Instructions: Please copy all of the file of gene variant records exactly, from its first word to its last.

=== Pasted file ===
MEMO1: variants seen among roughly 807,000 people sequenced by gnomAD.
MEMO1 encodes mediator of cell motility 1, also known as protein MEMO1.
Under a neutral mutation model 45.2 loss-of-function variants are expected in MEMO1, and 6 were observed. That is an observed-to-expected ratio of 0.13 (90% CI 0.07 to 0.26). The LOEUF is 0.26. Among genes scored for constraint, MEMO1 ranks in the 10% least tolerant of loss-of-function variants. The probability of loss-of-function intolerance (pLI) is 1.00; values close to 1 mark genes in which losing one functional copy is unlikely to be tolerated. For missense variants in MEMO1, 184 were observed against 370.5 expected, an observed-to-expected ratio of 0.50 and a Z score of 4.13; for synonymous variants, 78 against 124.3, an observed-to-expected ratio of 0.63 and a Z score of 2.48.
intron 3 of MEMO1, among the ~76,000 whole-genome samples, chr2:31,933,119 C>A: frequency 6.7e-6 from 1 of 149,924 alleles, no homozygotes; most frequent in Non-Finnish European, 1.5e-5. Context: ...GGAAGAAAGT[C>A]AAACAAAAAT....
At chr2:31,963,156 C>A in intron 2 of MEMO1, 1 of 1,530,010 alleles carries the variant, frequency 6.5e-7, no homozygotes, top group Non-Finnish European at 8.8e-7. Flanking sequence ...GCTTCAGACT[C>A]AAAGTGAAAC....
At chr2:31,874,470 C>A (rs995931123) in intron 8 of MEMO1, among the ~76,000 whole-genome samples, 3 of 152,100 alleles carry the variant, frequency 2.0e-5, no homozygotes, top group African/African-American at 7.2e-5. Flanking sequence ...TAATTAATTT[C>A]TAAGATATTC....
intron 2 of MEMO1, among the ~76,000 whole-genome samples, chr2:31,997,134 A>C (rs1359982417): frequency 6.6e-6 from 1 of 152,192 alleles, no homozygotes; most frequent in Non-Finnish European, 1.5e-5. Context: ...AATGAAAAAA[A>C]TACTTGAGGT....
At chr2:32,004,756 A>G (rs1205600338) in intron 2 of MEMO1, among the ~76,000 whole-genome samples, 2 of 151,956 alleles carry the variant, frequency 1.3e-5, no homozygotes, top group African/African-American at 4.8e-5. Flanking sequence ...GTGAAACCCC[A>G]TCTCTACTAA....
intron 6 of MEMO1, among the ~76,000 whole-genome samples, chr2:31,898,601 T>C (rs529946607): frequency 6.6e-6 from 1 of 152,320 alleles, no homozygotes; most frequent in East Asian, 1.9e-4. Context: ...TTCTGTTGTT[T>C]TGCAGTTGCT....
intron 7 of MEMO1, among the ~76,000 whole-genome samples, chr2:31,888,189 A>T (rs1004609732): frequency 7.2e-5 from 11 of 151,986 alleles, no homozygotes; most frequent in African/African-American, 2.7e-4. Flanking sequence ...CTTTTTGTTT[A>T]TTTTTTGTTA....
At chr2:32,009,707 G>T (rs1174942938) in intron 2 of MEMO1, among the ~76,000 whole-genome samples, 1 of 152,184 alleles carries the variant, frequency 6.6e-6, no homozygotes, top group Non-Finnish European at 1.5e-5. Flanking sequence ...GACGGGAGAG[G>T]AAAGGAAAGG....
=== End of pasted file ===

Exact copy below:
MEMO1: variants seen among roughly 807,000 people sequenced by gnomAD.
MEMO1 encodes mediator of cell motility 1, also known as protein MEMO1.
Under a neutral mutation model 45.2 loss-of-function variants are expected in MEMO1, and 6 were observed. That is an observed-to-expected ratio of 0.13 (90% CI 0.07 to 0.26). The LOEUF is 0.26. Among genes scored for constraint, MEMO1 ranks in the 10% least tolerant of loss-of-function variants. The probability of loss-of-function intolerance (pLI) is 1.00; values close to 1 mark genes in which losing one functional copy is unlikely to be tolerated. For missense variants in MEMO1, 184 were observed against 370.5 expected, an observed-to-expected ratio of 0.50 and a Z score of 4.13; for synonymous variants, 78 against 124.3, an observed-to-expected ratio of 0.63 and a Z score of 2.48.
intron 3 of MEMO1, among the ~76,000 whole-genome samples, chr2:31,933,119 C>A: frequency 6.7e-6 from 1 of 149,924 alleles, no homozygotes; most frequent in Non-Finnish European, 1.5e-5. Context: ...GGAAGAAAGT[C>A]AAACAAAAAT....
At chr2:31,963,156 C>A in intron 2 of MEMO1, 1 of 1,530,010 alleles carries the variant, frequency 6.5e-7, no homozygotes, top group Non-Finnish European at 8.8e-7. Flanking sequence ...GCTTCAGACT[C>A]AAAGTGAAAC....
At chr2:31,874,470 C>A (rs995931123) in intron 8 of MEMO1, among the ~76,000 whole-genome samples, 3 of 152,100 alleles carry the variant, frequency 2.0e-5, no homozygotes, top group African/African-American at 7.2e-5. Flanking sequence ...TAATTAATTT[C>A]TAAGATATTC....
intron 2 of MEMO1, among the ~76,000 whole-genome samples, chr2:31,997,134 A>C (rs1359982417): frequency 6.6e-6 from 1 of 152,192 alleles, no homozygotes; most frequent in Non-Finnish European, 1.5e-5. Context: ...AATGAAAAAA[A>C]TACTTGAGGT....
At chr2:32,004,756 A>G (rs1205600338) in intron 2 of MEMO1, among the ~76,000 whole-genome samples, 2 of 151,956 alleles carry the variant, frequency 1.3e-5, no homozygotes, top group African/African-American at 4.8e-5. Flanking sequence ...GTGAAACCCC[A>G]TCTCTACTAA....
intron 6 of MEMO1, among the ~76,000 whole-genome samples, chr2:31,898,601 T>C (rs529946607): frequency 6.6e-6 from 1 of 152,320 alleles, no homozygotes; most frequent in East Asian, 1.9e-4. Context: ...TTCTGTTGTT[T>C]TGCAGTTGCT....
intron 7 of MEMO1, among the ~76,000 whole-genome samples, chr2:31,888,189 A>T (rs1004609732): frequency 7.2e-5 from 11 of 151,986 alleles, no homozygotes; most frequent in African/African-American, 2.7e-4. Flanking sequence ...CTTTTTGTTT[A>T]TTTTTTGTTA....
At chr2:32,009,707 G>T (rs1174942938) in intron 2 of MEMO1, among the ~76,000 whole-genome samples, 1 of 152,184 alleles carries the variant, frequency 6.6e-6, no homozygotes, top group Non-Finnish European at 1.5e-5. Flanking sequence ...GACGGGAGAG[G>T]AAAGGAAAGG....